The bay of cannes was a rollicking mess the day I tested the Azimut 77S. A cruise ship was anchored just offshore with numerous tenders continually transporting tourists into the harbor. The Festival de la Plaisance Cannes was in full swing, and every hour or so, another fleet of yachts passed through the show’s swing bridge opening to give potential owners a hands-on experience. Once these yachts cleared Vieux Port, they were up on plane, generating a chaotic weave of wakes that roiled the anchored fleet, which otherwise would have been moored within the Old Port. And when the land breeze began to blow, the bay chop peaked up and was as perfect a place to test a boat as I might have imagined.
Three 900-horsepower Volvo Penta IPS 1200 diesels matched to pod drives were amazingly quiet exiting the harbor, a benefit made possible by the underwater exhaust ports. The forward-facing, counter-rotating props provided a great grip as I advanced the lower helm’s throttles. Her bow stayed well below the horizon, indicating that the hydrodynamic wizards at Azimut Yachts and Pierluigi Ausonio Naval Architecture had taken great care with their computations. Interestingly, the dual-lever binnacle was designed to provide single-engine control of whichever outboard unit the skipper selected, but when used together, the center engine and drive were perfectly in sync with the other two. The 77S was on plane quickly. Her deep-V forward sections, 14-degree transom deadrise and 58-ton displacement made quick work of the choppy waters with a smooth ride. At 22 knots, her engines burned just 67 gallons of diesel per hour. At a higher cruising speed of 28 knots, fuel burn increased to 89 gallons per hour.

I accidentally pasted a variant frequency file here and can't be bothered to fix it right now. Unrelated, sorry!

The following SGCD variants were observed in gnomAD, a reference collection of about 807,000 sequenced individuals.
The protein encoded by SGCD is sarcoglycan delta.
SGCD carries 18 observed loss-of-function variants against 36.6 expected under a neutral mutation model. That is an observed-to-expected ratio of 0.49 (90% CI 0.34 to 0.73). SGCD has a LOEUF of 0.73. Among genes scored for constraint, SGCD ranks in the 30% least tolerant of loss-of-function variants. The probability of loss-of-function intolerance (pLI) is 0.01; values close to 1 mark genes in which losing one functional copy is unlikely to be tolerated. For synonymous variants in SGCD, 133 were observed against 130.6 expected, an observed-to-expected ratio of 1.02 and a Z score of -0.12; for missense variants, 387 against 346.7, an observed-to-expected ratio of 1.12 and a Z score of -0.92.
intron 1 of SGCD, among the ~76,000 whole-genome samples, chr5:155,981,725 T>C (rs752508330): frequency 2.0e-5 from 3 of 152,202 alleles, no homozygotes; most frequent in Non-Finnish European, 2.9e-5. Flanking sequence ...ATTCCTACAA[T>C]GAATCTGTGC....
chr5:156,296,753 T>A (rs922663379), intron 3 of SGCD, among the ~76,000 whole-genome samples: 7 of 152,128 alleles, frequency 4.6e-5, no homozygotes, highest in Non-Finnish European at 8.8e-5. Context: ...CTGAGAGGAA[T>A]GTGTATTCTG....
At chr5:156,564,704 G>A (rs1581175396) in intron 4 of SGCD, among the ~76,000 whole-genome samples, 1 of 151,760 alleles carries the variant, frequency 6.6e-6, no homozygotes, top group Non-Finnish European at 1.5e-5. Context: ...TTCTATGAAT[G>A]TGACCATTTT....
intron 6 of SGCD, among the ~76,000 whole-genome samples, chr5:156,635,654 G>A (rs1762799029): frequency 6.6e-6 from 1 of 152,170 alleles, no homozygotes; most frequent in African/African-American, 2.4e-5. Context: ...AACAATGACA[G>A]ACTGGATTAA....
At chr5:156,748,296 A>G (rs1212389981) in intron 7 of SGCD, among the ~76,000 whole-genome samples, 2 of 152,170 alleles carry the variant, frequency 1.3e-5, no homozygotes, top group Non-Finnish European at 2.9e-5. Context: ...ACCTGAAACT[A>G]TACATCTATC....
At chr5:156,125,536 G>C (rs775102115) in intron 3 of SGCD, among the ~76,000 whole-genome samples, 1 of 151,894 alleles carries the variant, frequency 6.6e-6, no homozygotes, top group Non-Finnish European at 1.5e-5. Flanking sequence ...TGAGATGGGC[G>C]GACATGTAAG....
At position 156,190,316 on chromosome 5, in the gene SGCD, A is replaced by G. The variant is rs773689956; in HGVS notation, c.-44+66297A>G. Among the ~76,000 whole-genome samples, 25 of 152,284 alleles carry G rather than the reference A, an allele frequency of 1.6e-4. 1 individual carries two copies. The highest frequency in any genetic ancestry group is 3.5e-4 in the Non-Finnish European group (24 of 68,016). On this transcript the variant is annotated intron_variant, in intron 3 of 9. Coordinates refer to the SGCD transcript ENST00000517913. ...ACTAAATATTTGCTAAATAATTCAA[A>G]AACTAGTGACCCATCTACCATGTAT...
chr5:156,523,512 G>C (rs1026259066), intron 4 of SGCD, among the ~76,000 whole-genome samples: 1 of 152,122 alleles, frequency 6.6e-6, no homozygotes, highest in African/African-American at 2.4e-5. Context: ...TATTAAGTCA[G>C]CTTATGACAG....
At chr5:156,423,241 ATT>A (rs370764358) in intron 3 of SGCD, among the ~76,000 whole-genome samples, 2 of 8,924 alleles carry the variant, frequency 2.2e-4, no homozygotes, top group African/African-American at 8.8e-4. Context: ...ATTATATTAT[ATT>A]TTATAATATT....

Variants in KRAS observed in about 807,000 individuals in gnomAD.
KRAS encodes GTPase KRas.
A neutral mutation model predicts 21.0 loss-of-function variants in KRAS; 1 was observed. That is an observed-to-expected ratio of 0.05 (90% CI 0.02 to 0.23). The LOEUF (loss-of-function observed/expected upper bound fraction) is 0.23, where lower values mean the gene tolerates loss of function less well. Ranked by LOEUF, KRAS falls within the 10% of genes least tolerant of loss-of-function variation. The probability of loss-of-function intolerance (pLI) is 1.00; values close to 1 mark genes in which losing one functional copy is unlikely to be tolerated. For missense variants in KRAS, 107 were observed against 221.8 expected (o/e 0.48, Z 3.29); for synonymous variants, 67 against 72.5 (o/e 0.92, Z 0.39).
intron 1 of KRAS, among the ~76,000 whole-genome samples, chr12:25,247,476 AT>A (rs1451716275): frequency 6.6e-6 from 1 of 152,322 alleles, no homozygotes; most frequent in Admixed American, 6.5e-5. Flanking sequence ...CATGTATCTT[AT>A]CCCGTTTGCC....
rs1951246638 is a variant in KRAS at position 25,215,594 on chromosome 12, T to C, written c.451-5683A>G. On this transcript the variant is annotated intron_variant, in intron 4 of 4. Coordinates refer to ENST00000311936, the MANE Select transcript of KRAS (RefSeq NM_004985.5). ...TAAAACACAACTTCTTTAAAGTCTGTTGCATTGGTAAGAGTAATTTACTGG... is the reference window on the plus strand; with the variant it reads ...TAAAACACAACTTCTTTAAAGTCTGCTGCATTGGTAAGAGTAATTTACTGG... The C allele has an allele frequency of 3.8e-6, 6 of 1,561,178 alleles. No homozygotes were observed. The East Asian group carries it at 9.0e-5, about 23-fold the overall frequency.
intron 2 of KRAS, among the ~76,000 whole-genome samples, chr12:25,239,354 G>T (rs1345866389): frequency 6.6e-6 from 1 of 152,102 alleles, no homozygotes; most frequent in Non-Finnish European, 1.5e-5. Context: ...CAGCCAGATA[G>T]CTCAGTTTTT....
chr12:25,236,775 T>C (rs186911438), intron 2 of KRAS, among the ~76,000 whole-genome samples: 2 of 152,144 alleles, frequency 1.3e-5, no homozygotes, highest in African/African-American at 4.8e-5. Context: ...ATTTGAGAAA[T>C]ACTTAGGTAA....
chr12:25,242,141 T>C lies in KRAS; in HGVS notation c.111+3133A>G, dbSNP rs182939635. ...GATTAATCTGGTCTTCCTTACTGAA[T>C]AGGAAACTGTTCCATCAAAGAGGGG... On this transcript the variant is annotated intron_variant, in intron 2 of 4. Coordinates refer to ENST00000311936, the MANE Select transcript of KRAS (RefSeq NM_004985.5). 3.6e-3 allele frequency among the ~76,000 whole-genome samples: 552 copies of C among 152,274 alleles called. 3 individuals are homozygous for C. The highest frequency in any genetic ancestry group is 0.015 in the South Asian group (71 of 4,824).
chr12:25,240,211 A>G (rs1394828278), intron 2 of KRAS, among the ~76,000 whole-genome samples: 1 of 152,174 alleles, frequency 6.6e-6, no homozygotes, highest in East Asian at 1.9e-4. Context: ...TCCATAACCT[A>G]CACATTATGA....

To characterize the 77S as fun to drive is an understatement. Even at 34 knots, the yacht banks beautifully, leaning into turns gradually and carving a flawless circle measured with a feeling of complete control and confidence. A large part of that confidence is conferred by the excellent sight lines from the lower helm, which is thoughtfully designed with large, twin multifunction displays flanking stacked Volvo Penta engine displays. This yacht is also balanced beautifully, and she’s quiet inside to boot, one of the benefits of having the close-coupled IPS 1200s and most of the major machinery located well aft. A large centerline tank also plays an important role, minimizing the sometimes troublesome (in other designs) side-to-side trim effect of wing tanks as fuel weight is burned off.
When I first laid eyes on the 77S, her long, lean lines gave hardly a hint that there was a flybridge. That’s what has made the whole S series so desirable, and credit for the exterior styling and design goes to Stefano Righini. On this yacht, the flybridge is one of three exterior living areas, sitting just abaft the amidships line and featuring a minimum of built-in furniture while leaving a large, open deck that is perfect for movable, folding deck chairs and lounges. To port, the stainless-steel ladder with teak treads is angled for ease of use, and stout, stainless-steel safety rails surround the entire flybridge.